All eligible voters are entitled to exercise their right to vote free from harassment and intimidation from baseless challenges to voter qualifications. Arizona law permits only a qualified elector of the county to challenge a voter’s eligibility to vote, and political party challengers must be previously designated and credentialed as observers by their party. A.R.S. § 16-590; A.R.S. § 16-591.
A qualified elector challenging a voter’s eligibility must have clear and convincing evidence that:
- The voter has voted before in that election;
- The voter is not the person whose name appears in the roster/e-pollbook;
- The voter has not resided in Arizona (or the relevant locality) for at least 29 days before the election;
- The voter is registered at an address that is not permitted for registration purposes; or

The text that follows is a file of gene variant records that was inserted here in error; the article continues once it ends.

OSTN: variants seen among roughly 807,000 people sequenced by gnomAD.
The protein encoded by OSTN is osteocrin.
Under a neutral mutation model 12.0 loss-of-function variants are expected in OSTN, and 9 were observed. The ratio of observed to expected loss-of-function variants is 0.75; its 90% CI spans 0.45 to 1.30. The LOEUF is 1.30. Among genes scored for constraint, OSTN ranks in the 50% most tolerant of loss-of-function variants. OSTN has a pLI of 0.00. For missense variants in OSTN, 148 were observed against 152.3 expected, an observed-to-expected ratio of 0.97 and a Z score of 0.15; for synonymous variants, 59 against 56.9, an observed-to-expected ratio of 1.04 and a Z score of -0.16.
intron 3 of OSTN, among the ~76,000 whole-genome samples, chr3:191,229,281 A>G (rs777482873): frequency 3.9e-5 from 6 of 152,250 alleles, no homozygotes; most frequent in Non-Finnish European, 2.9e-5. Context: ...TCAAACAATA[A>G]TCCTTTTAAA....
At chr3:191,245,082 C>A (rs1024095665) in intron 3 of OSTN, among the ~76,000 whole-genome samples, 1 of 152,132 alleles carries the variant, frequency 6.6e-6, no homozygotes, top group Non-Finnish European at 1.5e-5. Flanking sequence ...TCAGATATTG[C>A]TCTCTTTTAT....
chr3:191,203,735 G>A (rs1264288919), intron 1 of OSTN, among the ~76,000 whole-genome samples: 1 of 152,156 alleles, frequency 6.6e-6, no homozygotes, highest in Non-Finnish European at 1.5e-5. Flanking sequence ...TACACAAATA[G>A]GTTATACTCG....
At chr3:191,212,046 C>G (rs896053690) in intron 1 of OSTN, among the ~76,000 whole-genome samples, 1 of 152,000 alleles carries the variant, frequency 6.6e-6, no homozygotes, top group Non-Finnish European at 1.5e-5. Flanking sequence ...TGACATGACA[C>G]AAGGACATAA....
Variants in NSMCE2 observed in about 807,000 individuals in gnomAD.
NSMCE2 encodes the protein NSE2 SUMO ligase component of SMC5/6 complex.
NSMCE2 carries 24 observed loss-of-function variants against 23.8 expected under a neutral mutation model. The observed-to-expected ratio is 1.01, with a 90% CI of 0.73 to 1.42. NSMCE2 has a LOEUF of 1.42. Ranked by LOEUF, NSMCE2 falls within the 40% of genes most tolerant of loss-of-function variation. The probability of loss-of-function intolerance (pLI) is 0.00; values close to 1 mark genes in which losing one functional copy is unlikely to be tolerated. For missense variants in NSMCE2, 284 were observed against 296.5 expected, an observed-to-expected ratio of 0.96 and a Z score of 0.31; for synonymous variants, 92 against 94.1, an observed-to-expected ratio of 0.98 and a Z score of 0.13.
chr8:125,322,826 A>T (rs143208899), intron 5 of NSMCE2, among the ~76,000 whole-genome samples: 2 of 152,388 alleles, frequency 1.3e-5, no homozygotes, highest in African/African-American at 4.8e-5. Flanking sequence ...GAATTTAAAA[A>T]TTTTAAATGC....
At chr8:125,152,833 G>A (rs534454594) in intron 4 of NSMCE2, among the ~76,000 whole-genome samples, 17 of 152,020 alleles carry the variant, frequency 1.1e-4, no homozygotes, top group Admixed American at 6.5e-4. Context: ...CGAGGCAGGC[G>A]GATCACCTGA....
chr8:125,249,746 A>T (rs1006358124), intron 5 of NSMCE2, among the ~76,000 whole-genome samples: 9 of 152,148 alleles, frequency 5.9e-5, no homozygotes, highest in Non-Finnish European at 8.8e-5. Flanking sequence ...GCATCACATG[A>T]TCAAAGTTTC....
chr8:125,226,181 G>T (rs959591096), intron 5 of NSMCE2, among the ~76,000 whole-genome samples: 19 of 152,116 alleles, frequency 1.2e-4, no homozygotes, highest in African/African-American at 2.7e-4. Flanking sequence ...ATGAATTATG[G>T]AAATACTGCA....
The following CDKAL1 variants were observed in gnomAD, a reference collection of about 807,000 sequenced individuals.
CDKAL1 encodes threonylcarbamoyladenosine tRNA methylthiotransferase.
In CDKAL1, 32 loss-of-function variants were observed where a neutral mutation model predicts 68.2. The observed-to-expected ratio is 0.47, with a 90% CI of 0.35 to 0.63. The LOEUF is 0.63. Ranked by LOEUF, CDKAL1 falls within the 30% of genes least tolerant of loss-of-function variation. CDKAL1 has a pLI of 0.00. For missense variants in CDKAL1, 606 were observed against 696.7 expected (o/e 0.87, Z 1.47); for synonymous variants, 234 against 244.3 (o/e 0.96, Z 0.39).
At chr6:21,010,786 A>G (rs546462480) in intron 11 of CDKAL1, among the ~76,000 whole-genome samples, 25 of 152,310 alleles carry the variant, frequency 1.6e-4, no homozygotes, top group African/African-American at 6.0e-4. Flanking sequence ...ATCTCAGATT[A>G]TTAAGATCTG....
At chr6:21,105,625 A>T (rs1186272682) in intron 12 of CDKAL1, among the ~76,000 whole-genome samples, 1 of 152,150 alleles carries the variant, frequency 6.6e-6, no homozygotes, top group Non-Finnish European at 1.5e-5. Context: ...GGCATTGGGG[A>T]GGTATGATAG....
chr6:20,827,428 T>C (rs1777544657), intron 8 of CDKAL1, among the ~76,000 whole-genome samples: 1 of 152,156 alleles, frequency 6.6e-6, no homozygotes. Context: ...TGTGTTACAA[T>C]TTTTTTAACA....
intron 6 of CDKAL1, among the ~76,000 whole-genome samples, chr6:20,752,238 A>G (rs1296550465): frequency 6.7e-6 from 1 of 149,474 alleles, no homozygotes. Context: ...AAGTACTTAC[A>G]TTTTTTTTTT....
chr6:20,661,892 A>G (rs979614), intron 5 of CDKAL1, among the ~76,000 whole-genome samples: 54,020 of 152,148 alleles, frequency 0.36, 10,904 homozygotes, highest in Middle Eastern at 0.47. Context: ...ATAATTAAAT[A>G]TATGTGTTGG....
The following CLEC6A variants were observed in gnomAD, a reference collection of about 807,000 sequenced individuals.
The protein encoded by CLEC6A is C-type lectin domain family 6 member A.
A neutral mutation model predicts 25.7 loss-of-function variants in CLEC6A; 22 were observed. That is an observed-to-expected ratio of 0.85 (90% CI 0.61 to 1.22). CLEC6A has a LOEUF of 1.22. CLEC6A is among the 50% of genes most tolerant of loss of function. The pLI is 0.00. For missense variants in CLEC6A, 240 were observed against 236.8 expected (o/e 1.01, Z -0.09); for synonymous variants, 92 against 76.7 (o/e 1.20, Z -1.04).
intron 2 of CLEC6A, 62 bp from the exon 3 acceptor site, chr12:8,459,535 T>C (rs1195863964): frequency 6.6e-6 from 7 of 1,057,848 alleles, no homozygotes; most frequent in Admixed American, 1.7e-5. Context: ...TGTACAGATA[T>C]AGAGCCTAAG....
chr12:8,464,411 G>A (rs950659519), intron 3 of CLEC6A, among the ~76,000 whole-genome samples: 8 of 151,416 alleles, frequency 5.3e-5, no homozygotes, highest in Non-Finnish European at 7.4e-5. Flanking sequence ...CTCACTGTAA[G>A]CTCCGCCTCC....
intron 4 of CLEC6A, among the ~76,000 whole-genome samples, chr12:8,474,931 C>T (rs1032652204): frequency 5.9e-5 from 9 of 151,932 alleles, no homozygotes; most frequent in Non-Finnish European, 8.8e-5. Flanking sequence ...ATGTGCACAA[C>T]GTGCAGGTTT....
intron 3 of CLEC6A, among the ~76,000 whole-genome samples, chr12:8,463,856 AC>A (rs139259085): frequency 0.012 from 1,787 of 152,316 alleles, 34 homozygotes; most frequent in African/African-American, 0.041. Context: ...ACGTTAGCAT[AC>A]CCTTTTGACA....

- The voter is not otherwise a qualified elector, for example, the voter does not live within the proper electoral district or is not at least 18 years old.
Challenges must be directed to poll workers, and challengers shall not directly confront voters or question voters about their voting qualifications. Challenges must be promptly decided in the voting location by a board made up of the inspector and two judges, pursuant to applicable law and the Elections Procedures Manual.
- The voter must be permitted to vote a regular ballot if: (1) the voter appears to be registered and takes the prescribed oath, or (2) a majority of the board finds the challenge invalid.
- The voter must be permitted to vote a provisional ballot if: (1) the voter refuses to take any oath; (2) the voter refuses to answer the inspector’s questions material to the challenge; or (3) a majority of the board finds the challenge is valid.
Critically, challenges based in whole or in part on race, national origin, appearance, surname, language, or religion are not permitted, and violate federal anti-discrimination laws. Repeated challenges without a sound basis that delay voting, challenges that are otherwise intended to intimidate or prohibit qualified voters from voting, or challenges that involve additional confrontational or harassing behavior may amount to unlawful voter harassment and intimidation and warrant removal from the voting location.